Luxury clubs shuttered in Hangzhou

Thirty private facilities, including one owned by Jack Ma, close at resort

PUBLISHED : Friday, 24 January, 2014, 3:36am
UPDATED : Friday, 24 January, 2014, 3:36am

Thirty private clubs at the famed West Lake resort in Hangzhou in Zhejiang have shut down in the past week, amid President Xi Jinping's war on graft.

Among the clubs, many of which had been operating for years, include one owned by Alibaba Group chairman Jack Ma Yun, and one backed by Hong Kong novelist Louis Cha Leung-yung, Xinhua reported.

Ma along with seven Zhejiang-born businessmen, including NetEase founder William Ding Lei, provided the money behind Jiangnanhui, a high-end, club designed by artist Ai Weiwei and opened in 2006.

Only 400 people have been allowed to join Jiangnanhui and each needed to pay at least 200,000 yuan (HK$254,300) for a life-long membership, according to reports.

Jiangnanhui suspended business last September, a manager told China National Radio, saying the club was seeking a business model transition.

Cha's club, Yunsong Shushe, was built in a traditional style in 1994 with an investment of tens of millions of yuan. Two years later, it was transferred to the Hangzhou government and opened to the public. In 2012 local media revealed it had been transformed into a high-end restaurant.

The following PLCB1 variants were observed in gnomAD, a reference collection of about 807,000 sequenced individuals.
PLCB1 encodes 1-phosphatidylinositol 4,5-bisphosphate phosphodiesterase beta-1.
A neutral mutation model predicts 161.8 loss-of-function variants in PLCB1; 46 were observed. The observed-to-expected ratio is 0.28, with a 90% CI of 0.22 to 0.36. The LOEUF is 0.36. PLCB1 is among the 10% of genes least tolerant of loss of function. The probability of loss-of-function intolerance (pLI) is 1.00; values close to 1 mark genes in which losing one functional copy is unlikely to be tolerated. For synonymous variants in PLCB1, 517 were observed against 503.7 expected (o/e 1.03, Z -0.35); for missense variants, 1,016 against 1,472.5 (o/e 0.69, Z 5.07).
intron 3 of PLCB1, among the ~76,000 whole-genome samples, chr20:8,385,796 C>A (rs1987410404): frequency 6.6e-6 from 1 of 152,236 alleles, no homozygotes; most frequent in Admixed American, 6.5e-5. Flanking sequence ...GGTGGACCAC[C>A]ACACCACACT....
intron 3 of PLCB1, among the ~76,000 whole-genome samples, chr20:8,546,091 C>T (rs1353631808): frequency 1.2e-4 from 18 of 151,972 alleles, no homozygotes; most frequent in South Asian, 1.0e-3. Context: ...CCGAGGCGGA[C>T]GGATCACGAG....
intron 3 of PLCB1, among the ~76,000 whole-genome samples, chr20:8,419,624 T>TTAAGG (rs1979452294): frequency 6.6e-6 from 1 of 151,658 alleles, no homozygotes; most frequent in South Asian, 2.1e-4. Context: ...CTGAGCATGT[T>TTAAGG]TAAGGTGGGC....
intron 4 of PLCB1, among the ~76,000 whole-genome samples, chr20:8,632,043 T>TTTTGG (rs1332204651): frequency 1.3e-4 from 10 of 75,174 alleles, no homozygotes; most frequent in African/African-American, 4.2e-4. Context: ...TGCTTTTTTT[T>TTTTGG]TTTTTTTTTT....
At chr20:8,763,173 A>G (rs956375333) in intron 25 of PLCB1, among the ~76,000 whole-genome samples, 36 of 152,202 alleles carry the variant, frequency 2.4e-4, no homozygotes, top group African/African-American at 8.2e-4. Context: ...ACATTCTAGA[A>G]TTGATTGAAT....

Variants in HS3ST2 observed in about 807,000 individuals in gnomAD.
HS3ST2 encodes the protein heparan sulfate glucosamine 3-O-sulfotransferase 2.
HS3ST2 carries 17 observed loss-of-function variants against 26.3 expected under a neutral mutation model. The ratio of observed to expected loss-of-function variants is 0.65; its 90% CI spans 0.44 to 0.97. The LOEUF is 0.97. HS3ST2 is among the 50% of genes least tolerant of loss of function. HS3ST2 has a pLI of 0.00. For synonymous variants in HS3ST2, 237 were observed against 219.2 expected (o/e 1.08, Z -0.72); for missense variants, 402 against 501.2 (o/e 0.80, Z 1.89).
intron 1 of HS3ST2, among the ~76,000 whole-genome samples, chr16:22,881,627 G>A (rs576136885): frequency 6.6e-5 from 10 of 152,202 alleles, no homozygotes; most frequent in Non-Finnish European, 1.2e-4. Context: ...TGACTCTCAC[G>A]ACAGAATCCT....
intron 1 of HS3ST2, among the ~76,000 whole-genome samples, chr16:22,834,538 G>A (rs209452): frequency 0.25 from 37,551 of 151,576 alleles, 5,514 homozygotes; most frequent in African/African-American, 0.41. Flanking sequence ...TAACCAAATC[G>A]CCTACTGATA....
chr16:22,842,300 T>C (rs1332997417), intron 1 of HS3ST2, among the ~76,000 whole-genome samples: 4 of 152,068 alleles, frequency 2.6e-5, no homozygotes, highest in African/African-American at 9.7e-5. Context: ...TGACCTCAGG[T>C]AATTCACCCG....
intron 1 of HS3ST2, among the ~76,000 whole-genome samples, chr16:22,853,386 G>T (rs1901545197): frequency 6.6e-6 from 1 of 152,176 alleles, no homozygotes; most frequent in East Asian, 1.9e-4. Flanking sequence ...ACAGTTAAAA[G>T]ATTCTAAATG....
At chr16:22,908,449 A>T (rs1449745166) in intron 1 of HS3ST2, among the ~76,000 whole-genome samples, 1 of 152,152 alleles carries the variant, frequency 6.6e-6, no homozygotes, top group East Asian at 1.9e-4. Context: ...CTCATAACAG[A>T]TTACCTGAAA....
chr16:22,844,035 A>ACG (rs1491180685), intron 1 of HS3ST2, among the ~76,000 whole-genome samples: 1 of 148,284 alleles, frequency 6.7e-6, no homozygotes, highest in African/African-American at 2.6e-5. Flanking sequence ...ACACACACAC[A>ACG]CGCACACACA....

The closures came after central discipline authorities ordered a crackdown in December on the "evil winds in the private clubs" amid Xi's "mass line" campaign.

The order said the private clubs occupied "public resources in historical architecture and parks" and "actively encouraged extravagance and bred corruption". Communist Party members were told to stay away from them, Xinhua reported.

The West Lake resort has 1,760 restaurants and clubs, and 38 are listed as high-end. They have all been ordered to shut or change their operations to bring them in line with Xi's campaign.

The provincial government said in a meeting last week that the measures would be extended throughout the province. A similar order was issued last week by the Beijing municipal government to shut "secret" clubs and restaurants located within public parks in the city.

The central government has over the past year issued about 15 regulations targeting public corruption and extravagance, according to mainland media reports. In addition to the prohibition against joining private clubs, members have been warned against building new offices or holding lavish weddings or funerals.